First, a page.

Live Review – Amythyst Kiah @ Edinburgh Jazz & Blues Festival

Hailing from Johnson City, Tennessee Amythyst Kiah is a contemporary blues and folk singer, with a real connection to the history of Appalachian music. This was the second of her two shows at the Edinburgh Jazz and Blues festival where she has successfully performed for the last three years. The audience in the Piccolo venue were treated to an evening of stories and songs from a troubadour of the highest quality.

In the beautiful setting of George Square the tent was perfectly set up for an intimate acoustic performance like Kiah’s. She started with the Vera Hall song Trouble But God (exactly the same song that started the Queens of the Blues show the day before) but added guitar to this usually acapella blues number, which was famously sampled by Moby.

Kiah told us stories and the history of each song before playing them, explaining how she spent time studying the field recordings of songs from the 1930s. At university her interest in this kind of music led to her being in the ‘Old Time Pride Band’. From there she studied traditional music and bluegrass, learning about the history of black banjo players.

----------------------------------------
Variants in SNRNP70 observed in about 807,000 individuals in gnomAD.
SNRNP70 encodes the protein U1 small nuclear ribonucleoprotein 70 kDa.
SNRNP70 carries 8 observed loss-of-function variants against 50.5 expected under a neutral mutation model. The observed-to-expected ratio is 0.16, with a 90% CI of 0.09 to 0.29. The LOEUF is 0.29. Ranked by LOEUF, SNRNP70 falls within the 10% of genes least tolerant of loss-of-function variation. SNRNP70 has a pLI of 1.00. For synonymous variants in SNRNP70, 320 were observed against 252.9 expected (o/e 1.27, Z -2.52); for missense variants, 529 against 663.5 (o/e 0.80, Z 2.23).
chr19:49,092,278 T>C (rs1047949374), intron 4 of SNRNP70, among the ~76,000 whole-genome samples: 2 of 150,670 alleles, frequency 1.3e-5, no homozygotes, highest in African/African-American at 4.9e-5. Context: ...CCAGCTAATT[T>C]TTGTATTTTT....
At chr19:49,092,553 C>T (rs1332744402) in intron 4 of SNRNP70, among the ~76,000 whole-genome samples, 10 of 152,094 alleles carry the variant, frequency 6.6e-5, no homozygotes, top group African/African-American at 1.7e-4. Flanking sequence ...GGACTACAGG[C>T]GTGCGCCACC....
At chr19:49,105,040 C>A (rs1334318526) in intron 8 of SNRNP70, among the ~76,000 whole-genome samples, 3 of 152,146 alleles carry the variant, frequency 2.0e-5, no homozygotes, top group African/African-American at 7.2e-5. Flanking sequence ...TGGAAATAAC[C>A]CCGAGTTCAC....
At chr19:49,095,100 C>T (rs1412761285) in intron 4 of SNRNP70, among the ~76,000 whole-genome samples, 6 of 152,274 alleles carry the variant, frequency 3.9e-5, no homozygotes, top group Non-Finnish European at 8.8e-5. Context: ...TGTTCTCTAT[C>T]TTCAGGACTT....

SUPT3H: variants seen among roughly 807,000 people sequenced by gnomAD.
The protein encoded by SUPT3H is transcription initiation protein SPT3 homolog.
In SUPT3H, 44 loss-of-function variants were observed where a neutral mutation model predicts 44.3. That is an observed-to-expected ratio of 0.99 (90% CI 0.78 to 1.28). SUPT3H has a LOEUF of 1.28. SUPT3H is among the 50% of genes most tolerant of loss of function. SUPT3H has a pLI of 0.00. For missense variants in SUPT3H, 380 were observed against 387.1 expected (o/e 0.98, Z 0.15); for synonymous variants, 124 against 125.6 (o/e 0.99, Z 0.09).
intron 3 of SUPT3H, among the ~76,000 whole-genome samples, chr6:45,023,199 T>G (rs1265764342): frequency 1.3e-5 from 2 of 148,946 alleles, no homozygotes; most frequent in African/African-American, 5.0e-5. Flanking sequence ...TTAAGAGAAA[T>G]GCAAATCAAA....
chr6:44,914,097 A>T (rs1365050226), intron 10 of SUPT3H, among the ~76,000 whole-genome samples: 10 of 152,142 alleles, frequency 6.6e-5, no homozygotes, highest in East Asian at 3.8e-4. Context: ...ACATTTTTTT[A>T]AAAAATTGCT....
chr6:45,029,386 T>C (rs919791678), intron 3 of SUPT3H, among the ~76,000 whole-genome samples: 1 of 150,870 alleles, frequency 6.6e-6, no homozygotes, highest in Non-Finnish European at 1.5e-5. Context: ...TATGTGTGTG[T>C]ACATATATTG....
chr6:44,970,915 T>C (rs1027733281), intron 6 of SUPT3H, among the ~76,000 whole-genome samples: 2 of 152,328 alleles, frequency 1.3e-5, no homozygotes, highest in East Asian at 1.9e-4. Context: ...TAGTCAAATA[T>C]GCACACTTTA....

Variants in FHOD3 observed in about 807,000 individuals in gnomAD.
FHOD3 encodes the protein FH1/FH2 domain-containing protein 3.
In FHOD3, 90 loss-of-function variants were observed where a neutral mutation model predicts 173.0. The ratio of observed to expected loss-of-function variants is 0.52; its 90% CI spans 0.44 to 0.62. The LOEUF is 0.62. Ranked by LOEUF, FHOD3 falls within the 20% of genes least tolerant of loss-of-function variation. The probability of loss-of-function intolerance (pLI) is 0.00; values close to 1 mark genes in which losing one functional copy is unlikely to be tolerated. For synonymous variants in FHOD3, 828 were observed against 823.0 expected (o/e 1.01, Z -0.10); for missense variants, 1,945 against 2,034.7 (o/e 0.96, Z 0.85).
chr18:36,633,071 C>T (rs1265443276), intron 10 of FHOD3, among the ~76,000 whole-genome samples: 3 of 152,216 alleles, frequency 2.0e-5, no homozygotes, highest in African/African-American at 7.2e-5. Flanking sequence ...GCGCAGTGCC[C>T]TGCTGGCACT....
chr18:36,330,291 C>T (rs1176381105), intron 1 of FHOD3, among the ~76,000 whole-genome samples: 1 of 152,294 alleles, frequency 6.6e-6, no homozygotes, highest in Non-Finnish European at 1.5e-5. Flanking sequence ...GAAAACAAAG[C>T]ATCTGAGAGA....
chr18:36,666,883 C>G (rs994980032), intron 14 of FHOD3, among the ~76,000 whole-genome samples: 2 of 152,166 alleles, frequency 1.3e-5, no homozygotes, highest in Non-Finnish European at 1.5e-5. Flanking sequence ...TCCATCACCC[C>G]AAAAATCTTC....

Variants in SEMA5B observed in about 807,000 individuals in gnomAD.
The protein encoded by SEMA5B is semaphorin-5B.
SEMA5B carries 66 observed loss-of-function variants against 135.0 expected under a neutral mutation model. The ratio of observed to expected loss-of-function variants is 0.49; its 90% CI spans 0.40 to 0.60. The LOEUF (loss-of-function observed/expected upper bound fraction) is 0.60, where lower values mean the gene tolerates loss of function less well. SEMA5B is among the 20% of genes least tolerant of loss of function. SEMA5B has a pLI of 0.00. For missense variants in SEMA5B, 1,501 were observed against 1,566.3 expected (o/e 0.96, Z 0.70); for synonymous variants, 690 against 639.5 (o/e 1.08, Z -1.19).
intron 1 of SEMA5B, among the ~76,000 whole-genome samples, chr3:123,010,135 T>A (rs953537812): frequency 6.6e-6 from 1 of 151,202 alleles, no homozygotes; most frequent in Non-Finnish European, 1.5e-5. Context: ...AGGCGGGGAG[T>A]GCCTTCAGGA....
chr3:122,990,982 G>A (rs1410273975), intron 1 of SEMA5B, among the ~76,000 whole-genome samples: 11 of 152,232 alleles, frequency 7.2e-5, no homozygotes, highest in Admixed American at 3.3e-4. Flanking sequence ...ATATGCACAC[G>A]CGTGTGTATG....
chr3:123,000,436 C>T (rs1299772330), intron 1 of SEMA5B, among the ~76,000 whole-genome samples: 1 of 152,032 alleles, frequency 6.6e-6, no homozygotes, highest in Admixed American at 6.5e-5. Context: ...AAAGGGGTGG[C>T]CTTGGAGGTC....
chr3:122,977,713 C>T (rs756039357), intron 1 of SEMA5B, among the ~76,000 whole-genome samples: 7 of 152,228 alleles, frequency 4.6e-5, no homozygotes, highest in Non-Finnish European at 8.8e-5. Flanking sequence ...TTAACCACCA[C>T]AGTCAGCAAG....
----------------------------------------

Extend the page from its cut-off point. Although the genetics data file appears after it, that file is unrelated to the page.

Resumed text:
As she explained to the crowd there was a tradition of all races playing traditional folk music before they became segregated by genre. The split meant white people sang the ‘hillbilly’ country music and black people sang the blues. Kiah’s song choices covered both blues and country songs like the Carter family’s Bury Me Under The Weeping Willow and Dolly Parton’s Jolene, showing she is trying to reclaim hillbilly music for herself and bridge the divide once more.

Her original songs fit seamlessly among the historical numbers and in particular Hangover Blues and Myth stood out in their power and intensity. Another highlight was a new song called The Worst. She ironically introduced it as a ‘love song’ and its central refrain about always expecting the worst in relationships made an immediate impression. Her new album will hopefully be released in 2019 and she has been working with Dirk Powell who recently collaborated with Rhiannon Giddens on Freedom Highway.The brooding Southern gothic of these songs creates a haunting atmosphere in the heat of the festival tent. However there was a lighter moment when she performed a humorous take on Riley Puckett’s ‘I’m Getting Ready To Go’, a song about a dream of hell and the promise of redemption.

During the show Kiah explained how she first came to the attention of festival bookers in Scotland when a video of her performing attracted attention on YouTube. This brought her a fully funded trip to the Southern Fried festival in Perth, which then led her to a booking agent who helped her to play shows across the U.K. Appreciation for blues and country music is strong in Scotland and it is wonderful that a festival like this one exposes audiences to a range of diverse voices like Kiah’s. It was a real pleasure to spend time listening to this impressive musician.

You can catch Amythyst Kiah at Southern Fried in Perth and the Cambridge Folk Festival as well other shows this summer. More details here:

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